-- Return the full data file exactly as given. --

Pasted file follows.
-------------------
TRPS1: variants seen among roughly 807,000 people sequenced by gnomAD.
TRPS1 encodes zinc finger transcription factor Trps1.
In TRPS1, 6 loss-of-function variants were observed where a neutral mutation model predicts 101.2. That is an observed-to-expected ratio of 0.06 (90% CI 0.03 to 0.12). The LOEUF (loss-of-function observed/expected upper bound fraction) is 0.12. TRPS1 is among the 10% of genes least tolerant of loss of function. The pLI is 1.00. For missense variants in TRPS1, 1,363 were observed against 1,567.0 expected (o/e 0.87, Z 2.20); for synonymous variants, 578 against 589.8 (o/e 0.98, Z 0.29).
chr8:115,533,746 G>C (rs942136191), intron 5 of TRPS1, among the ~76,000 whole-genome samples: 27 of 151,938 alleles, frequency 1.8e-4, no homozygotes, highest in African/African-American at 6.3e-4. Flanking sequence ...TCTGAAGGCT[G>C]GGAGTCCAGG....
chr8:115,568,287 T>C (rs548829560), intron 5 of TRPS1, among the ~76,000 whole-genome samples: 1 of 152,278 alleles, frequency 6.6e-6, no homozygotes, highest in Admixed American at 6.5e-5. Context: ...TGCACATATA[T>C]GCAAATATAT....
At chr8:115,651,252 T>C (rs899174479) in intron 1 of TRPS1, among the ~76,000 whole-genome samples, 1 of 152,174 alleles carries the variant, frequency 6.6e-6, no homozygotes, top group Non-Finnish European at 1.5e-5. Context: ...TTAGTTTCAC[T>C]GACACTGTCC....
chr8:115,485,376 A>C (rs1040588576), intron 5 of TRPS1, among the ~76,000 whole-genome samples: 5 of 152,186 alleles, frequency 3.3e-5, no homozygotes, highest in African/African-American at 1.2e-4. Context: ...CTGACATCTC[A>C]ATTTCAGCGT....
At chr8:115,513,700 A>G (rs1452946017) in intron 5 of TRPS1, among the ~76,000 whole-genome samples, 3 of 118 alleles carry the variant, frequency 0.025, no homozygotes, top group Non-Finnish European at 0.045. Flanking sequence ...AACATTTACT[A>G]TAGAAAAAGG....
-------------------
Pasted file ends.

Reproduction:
TRPS1: variants seen among roughly 807,000 people sequenced by gnomAD.
TRPS1 encodes zinc finger transcription factor Trps1.
In TRPS1, 6 loss-of-function variants were observed where a neutral mutation model predicts 101.2. That is an observed-to-expected ratio of 0.06 (90% CI 0.03 to 0.12). The LOEUF (loss-of-function observed/expected upper bound fraction) is 0.12. TRPS1 is among the 10% of genes least tolerant of loss of function. The pLI is 1.00. For missense variants in TRPS1, 1,363 were observed against 1,567.0 expected (o/e 0.87, Z 2.20); for synonymous variants, 578 against 589.8 (o/e 0.98, Z 0.29).
chr8:115,533,746 G>C (rs942136191), intron 5 of TRPS1, among the ~76,000 whole-genome samples: 27 of 151,938 alleles, frequency 1.8e-4, no homozygotes, highest in African/African-American at 6.3e-4. Flanking sequence ...TCTGAAGGCT[G>C]GGAGTCCAGG....
chr8:115,568,287 T>C (rs548829560), intron 5 of TRPS1, among the ~76,000 whole-genome samples: 1 of 152,278 alleles, frequency 6.6e-6, no homozygotes, highest in Admixed American at 6.5e-5. Context: ...TGCACATATA[T>C]GCAAATATAT....
At chr8:115,651,252 T>C (rs899174479) in intron 1 of TRPS1, among the ~76,000 whole-genome samples, 1 of 152,174 alleles carries the variant, frequency 6.6e-6, no homozygotes, top group Non-Finnish European at 1.5e-5. Context: ...TTAGTTTCAC[T>C]GACACTGTCC....
chr8:115,485,376 A>C (rs1040588576), intron 5 of TRPS1, among the ~76,000 whole-genome samples: 5 of 152,186 alleles, frequency 3.3e-5, no homozygotes, highest in African/African-American at 1.2e-4. Context: ...CTGACATCTC[A>C]ATTTCAGCGT....
At chr8:115,513,700 A>G (rs1452946017) in intron 5 of TRPS1, among the ~76,000 whole-genome samples, 3 of 118 alleles carry the variant, frequency 0.025, no homozygotes, top group Non-Finnish European at 0.045. Flanking sequence ...AACATTTACT[A>G]TAGAAAAAGG....